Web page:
Q3 2018 revenues
Both AT&T (T) and Verizon (VZ) topped their revenue expectations in their recently reported third-quarter results. AT&T, which reported its earnings on October 24, posted third-quarter revenues of $45.7 billion. These earnings edged past analysts’ expectations of $45.63 million and revenues of $39.7 billion in the third quarter of 2017.
Verizon’s revenues came in at $32.6 billion in the third quarter, which it reported on October 23. Its third-quarter revenues beat expectations of $32.5 billion and increased 2.8% YoY (year-over-year), backed by robust growth in the wireless operations. However, the company’s wireline unit and its Oath subsidiary remained sluggish in the quarter.
AT&T’s growth in revenues
AT&T’s (T) revenues rose 15.2% YoY in the third quarter, including Time Warner’s assets, after posting YoY declines in every quarter since the fourth quarter of 2016. Time Warner, now called WarnerMedia, comprises Turner, HBO, and Warner Bros. WarnerMedia reported revenue growth of 6.5% to $8.2 billion in the quarter.
Turner’s revenues rose 3.9%, and HBO’s revenues rose 2.4% in the quarter. Warner Bros. posted a revenue increase of 7.5%, driven by box office releases such as Crazy Rich Asians, The Meg, and The Nun.
AT&T’s WarnerMedia division is planning to launch its streaming service by the end of 2019, strengthening the company’s ability to compete with Netflix (NFLX), Hulu, and Amazon’s (AMZN) Prime Video. Netflix posted better-than-expected subscriber numbers in the third quarter, which it released on October 16. Netflix added 6.96 million subscribers, which exceeded its expectations of an ~5.0 million increase in subscribers.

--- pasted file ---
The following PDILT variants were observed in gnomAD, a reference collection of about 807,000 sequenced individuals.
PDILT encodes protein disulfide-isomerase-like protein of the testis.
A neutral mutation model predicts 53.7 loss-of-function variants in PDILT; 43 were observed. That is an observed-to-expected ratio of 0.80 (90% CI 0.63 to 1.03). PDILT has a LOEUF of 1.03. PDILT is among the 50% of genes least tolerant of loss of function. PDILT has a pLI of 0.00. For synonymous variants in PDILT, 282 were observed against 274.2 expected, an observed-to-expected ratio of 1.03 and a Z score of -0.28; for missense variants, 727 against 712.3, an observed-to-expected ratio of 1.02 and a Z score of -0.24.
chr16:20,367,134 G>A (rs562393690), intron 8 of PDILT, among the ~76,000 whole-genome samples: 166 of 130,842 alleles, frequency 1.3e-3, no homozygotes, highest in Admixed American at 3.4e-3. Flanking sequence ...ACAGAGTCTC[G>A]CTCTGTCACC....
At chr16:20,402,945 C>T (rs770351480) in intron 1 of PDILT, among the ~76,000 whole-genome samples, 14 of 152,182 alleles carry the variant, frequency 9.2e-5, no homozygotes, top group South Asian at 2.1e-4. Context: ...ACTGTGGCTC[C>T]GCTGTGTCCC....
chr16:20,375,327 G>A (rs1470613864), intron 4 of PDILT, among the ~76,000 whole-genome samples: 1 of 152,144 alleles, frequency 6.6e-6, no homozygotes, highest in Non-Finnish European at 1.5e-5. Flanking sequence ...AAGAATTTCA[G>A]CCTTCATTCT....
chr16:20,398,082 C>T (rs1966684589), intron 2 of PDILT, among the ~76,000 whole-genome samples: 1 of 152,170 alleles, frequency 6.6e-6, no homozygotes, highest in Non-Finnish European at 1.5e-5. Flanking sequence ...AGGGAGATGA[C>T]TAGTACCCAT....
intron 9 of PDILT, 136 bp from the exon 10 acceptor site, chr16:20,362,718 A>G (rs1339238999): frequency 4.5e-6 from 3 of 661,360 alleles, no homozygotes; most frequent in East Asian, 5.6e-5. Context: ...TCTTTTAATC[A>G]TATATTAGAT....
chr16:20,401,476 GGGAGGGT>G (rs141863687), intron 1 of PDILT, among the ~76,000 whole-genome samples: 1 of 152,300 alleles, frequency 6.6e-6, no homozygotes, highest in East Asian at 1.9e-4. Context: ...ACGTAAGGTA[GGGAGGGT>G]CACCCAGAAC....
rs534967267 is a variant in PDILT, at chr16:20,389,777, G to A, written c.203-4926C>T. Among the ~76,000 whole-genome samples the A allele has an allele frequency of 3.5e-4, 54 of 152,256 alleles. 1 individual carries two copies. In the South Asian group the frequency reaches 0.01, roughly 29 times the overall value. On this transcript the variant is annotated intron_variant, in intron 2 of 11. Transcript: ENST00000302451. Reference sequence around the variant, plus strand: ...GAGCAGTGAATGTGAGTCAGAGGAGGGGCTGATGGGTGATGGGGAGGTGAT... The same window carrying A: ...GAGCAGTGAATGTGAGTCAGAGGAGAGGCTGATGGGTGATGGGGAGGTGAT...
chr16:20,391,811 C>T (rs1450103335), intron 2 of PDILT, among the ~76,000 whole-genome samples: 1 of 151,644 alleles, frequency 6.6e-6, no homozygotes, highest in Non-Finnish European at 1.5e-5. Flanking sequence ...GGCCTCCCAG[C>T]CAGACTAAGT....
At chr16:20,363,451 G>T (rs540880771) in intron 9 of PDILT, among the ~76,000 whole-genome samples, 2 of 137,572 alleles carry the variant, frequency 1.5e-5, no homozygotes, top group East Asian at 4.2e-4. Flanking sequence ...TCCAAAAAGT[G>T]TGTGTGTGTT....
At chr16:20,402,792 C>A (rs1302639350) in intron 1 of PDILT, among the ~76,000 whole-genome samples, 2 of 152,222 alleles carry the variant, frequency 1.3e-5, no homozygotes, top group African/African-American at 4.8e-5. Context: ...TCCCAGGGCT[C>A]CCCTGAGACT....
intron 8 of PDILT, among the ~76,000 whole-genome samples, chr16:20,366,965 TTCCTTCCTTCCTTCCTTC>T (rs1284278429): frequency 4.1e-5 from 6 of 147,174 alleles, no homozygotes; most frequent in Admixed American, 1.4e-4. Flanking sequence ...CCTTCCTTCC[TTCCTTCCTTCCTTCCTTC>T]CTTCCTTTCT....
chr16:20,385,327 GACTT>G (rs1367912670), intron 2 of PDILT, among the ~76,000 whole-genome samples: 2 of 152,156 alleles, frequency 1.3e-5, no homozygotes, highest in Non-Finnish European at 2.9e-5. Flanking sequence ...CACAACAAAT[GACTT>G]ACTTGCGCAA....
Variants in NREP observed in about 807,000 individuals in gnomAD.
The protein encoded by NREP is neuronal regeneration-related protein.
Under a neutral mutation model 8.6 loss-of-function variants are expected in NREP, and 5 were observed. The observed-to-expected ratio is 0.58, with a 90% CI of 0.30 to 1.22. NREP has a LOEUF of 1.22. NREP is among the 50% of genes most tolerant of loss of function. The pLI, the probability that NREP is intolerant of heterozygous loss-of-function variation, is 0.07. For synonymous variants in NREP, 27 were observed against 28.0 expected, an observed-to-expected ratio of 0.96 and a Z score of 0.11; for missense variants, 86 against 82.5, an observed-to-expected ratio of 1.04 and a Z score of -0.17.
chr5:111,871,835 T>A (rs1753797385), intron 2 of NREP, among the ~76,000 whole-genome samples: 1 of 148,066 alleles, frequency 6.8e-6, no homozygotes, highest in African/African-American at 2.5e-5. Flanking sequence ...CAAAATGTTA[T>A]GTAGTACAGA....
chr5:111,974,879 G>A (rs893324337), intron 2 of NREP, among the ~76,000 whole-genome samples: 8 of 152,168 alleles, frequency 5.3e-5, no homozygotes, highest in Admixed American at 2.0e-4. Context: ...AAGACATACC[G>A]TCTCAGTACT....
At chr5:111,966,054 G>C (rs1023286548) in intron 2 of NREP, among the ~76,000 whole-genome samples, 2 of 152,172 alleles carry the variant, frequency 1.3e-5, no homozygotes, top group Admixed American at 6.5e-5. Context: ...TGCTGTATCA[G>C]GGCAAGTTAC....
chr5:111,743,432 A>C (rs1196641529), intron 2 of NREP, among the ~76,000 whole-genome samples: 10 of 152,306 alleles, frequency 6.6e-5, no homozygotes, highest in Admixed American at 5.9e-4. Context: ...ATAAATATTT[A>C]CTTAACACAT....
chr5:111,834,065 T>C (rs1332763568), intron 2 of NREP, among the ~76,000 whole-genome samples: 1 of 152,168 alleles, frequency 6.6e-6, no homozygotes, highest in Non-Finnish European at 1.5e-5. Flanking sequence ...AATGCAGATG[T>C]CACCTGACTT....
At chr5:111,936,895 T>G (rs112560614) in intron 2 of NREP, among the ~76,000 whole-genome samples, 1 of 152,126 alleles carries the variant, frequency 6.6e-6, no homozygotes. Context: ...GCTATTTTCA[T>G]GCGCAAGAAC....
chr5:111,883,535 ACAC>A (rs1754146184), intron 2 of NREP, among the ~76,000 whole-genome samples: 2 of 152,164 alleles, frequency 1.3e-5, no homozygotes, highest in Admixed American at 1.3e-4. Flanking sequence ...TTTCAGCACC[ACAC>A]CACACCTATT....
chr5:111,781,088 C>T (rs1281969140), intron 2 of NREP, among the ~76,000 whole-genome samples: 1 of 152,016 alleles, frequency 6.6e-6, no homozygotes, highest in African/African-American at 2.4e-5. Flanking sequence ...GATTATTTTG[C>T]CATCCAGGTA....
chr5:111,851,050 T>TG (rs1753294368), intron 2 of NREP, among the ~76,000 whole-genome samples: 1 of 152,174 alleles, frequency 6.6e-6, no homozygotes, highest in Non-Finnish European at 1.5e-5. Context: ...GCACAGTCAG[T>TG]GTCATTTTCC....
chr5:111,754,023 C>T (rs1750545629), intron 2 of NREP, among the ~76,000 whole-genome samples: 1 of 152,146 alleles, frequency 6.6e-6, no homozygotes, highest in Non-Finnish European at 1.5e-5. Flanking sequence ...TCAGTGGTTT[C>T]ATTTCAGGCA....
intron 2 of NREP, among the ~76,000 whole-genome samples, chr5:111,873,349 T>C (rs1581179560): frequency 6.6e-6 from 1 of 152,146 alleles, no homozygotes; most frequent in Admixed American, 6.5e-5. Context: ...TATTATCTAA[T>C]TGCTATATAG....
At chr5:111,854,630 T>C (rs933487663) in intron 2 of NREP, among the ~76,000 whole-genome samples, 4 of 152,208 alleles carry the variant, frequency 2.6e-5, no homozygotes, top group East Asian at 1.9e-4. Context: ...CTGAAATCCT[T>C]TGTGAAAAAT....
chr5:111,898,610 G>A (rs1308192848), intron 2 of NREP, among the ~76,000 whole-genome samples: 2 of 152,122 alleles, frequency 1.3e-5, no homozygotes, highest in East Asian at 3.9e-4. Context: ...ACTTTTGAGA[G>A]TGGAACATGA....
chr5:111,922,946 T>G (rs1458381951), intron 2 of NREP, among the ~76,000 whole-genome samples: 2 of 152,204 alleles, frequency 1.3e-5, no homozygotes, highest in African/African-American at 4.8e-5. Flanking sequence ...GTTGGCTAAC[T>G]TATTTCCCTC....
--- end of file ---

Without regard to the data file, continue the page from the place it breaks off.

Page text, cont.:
Verizon’s revenue drivers
Verizon’s revenue growth of 2.8% came on the back of strong performance in the wireless business, supported by improved service revenues. Excluding the revenue recognition impact, its service revenues grew 2.6% YoY, driven by improved mobile plans for customers and increased connections.
Verizon’s wireline segment was sluggish in the third quarter due to a decline in Fios video connections in the quarter, which was due to the ongoing shift from linear video offerings to over-the-top (or OTT) offerings. Verizon’s Oath business was soft due to declining desktop use of its websites in favor of mobile streaming.